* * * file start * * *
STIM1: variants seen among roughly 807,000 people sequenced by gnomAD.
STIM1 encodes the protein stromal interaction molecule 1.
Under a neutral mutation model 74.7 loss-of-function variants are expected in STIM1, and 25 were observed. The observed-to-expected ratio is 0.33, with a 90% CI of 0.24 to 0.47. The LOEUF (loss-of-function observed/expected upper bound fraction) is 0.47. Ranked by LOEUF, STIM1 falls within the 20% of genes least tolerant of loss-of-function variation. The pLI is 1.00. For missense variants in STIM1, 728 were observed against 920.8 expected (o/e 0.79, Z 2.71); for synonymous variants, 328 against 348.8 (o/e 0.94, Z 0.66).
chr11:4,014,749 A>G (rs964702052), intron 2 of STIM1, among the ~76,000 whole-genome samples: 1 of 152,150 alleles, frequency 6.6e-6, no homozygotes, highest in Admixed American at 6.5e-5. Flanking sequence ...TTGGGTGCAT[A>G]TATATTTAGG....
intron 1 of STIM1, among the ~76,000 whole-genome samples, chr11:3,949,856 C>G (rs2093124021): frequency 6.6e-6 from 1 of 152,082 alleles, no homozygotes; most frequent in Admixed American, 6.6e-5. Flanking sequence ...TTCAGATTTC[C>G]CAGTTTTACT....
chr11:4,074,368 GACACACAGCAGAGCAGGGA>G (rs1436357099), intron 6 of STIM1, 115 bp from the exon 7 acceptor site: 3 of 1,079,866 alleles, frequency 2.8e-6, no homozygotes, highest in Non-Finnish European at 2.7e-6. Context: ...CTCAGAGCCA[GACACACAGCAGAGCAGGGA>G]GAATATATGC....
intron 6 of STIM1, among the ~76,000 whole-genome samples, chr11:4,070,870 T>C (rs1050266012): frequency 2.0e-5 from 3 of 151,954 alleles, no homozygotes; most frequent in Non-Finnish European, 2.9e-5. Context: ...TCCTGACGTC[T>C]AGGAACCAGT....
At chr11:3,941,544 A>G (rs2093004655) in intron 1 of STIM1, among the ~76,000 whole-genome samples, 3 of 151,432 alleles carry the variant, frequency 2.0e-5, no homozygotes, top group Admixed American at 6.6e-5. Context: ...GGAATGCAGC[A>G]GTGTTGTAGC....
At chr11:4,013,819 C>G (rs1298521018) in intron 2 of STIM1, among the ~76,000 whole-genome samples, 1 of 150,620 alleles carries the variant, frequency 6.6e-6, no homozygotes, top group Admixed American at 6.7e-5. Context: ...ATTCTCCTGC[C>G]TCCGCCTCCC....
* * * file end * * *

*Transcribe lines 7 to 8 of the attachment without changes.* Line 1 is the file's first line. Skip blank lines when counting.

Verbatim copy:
intron 6 of STIM1, among the ~76,000 whole-genome samples, chr11:4,070,870 T>C (rs1050266012): frequency 2.0e-5 from 3 of 151,954 alleles, no homozygotes; most frequent in Non-Finnish European, 2.9e-5. Context: ...TCCTGACGTC[T>C]AGGAACCAGT....
At chr11:3,941,544 A>G (rs2093004655) in intron 1 of STIM1, among the ~76,000 whole-genome samples, 3 of 151,432 alleles carry the variant, frequency 2.0e-5, no homozygotes, top group Admixed American at 6.6e-5. Context: ...GGAATGCAGC[A>G]GTGTTGTAGC....